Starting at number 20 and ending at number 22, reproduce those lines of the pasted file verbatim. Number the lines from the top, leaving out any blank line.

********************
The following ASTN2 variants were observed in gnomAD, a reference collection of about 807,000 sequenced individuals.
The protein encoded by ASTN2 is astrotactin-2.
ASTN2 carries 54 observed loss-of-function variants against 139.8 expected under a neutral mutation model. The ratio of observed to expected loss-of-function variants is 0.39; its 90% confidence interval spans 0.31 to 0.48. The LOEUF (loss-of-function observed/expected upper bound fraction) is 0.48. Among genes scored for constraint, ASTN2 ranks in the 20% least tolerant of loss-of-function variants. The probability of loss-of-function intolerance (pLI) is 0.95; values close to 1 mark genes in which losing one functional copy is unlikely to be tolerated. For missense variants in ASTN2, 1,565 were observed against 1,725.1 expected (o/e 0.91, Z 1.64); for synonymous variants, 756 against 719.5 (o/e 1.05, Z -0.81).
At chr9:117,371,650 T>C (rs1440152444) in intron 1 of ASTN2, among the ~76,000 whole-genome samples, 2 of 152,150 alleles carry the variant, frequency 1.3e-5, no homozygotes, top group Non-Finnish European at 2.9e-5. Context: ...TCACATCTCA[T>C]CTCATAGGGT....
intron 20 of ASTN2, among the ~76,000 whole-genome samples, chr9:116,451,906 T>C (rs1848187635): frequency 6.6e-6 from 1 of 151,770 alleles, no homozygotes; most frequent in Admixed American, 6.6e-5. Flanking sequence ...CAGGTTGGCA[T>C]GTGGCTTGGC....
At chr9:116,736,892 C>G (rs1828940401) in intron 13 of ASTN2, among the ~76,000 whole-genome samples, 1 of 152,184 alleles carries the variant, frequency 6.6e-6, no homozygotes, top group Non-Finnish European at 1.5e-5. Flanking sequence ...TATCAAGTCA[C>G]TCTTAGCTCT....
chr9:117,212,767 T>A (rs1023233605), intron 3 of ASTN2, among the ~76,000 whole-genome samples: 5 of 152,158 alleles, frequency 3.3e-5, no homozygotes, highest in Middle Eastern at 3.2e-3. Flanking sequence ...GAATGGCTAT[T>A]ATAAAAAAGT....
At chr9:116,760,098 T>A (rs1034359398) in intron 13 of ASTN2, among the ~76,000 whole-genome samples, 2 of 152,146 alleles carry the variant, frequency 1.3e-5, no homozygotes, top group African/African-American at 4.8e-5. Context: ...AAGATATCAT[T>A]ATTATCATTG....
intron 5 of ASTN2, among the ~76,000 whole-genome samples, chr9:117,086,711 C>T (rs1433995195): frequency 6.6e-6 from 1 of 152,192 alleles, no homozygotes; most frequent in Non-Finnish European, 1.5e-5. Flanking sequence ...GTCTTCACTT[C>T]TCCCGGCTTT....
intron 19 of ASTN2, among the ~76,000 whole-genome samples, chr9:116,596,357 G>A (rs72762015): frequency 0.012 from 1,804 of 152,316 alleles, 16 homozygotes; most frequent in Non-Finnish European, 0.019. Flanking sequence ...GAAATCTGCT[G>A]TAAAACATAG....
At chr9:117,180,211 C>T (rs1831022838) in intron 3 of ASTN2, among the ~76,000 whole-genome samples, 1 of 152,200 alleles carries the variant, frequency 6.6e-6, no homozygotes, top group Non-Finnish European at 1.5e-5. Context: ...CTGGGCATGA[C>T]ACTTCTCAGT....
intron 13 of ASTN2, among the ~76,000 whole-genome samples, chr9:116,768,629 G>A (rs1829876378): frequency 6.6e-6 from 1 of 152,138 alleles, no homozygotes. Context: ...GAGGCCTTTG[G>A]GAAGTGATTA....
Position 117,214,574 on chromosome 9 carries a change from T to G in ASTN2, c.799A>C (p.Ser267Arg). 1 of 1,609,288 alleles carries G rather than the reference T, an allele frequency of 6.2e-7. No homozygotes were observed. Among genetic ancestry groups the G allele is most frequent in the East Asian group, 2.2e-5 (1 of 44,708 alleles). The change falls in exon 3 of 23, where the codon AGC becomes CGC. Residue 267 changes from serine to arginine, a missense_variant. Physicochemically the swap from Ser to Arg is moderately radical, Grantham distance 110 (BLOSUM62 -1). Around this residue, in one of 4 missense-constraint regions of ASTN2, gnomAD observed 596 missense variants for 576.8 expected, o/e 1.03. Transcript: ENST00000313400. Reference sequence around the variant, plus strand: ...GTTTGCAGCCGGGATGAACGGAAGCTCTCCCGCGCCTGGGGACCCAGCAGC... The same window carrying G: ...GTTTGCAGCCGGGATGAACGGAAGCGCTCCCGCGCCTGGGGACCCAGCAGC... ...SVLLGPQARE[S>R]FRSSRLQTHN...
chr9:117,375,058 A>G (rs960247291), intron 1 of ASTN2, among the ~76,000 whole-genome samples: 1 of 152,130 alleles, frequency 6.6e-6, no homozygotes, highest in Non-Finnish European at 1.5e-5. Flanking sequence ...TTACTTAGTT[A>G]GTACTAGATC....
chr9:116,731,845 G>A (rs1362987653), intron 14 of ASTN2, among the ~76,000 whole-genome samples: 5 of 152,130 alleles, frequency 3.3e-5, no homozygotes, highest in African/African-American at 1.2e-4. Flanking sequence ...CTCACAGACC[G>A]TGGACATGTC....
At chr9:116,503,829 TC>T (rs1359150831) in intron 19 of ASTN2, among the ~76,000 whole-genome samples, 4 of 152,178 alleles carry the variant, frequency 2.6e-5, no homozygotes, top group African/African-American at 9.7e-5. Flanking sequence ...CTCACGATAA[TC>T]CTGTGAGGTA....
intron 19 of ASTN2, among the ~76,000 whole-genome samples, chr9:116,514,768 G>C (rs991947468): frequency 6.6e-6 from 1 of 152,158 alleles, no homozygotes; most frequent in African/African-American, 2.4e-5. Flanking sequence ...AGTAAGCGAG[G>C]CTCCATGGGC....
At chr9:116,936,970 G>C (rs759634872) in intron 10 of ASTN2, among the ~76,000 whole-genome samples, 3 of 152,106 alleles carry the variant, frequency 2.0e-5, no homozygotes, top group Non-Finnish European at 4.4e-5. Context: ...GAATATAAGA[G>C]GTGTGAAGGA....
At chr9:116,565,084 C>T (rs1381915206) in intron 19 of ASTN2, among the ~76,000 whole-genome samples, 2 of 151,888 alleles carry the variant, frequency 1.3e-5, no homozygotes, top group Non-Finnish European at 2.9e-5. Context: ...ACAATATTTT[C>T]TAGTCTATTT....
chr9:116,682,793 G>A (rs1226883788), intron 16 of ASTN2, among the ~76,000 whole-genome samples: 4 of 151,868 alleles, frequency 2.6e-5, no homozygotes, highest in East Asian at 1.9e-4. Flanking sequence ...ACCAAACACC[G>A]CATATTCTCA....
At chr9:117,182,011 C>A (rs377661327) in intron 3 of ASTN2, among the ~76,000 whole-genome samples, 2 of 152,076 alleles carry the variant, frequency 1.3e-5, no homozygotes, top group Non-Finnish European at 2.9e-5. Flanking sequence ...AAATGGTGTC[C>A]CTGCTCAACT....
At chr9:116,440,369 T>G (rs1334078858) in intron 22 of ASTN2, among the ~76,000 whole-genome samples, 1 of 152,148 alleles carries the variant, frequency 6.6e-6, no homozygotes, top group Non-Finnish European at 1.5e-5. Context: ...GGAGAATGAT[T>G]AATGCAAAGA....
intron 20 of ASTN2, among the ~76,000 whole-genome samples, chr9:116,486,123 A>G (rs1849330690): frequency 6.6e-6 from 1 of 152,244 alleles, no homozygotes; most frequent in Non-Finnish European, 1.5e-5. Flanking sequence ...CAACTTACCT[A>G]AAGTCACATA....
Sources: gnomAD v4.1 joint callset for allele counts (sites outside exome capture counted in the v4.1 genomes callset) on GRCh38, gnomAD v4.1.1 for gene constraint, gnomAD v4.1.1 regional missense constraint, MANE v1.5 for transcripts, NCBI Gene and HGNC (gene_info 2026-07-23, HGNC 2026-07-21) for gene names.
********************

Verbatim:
chr9:116,682,793 G>A (rs1226883788), intron 16 of ASTN2, among the ~76,000 whole-genome samples: 4 of 151,868 alleles, frequency 2.6e-5, no homozygotes, highest in East Asian at 1.9e-4. Flanking sequence ...ACCAAACACC[G>A]CATATTCTCA....
At chr9:117,182,011 C>A (rs377661327) in intron 3 of ASTN2, among the ~76,000 whole-genome samples, 2 of 152,076 alleles carry the variant, frequency 1.3e-5, no homozygotes, top group Non-Finnish European at 2.9e-5. Flanking sequence ...AAATGGTGTC[C>A]CTGCTCAACT....
At chr9:116,440,369 T>G (rs1334078858) in intron 22 of ASTN2, among the ~76,000 whole-genome samples, 1 of 152,148 alleles carries the variant, frequency 6.6e-6, no homozygotes, top group Non-Finnish European at 1.5e-5. Context: ...GGAGAATGAT[T>G]AATGCAAAGA....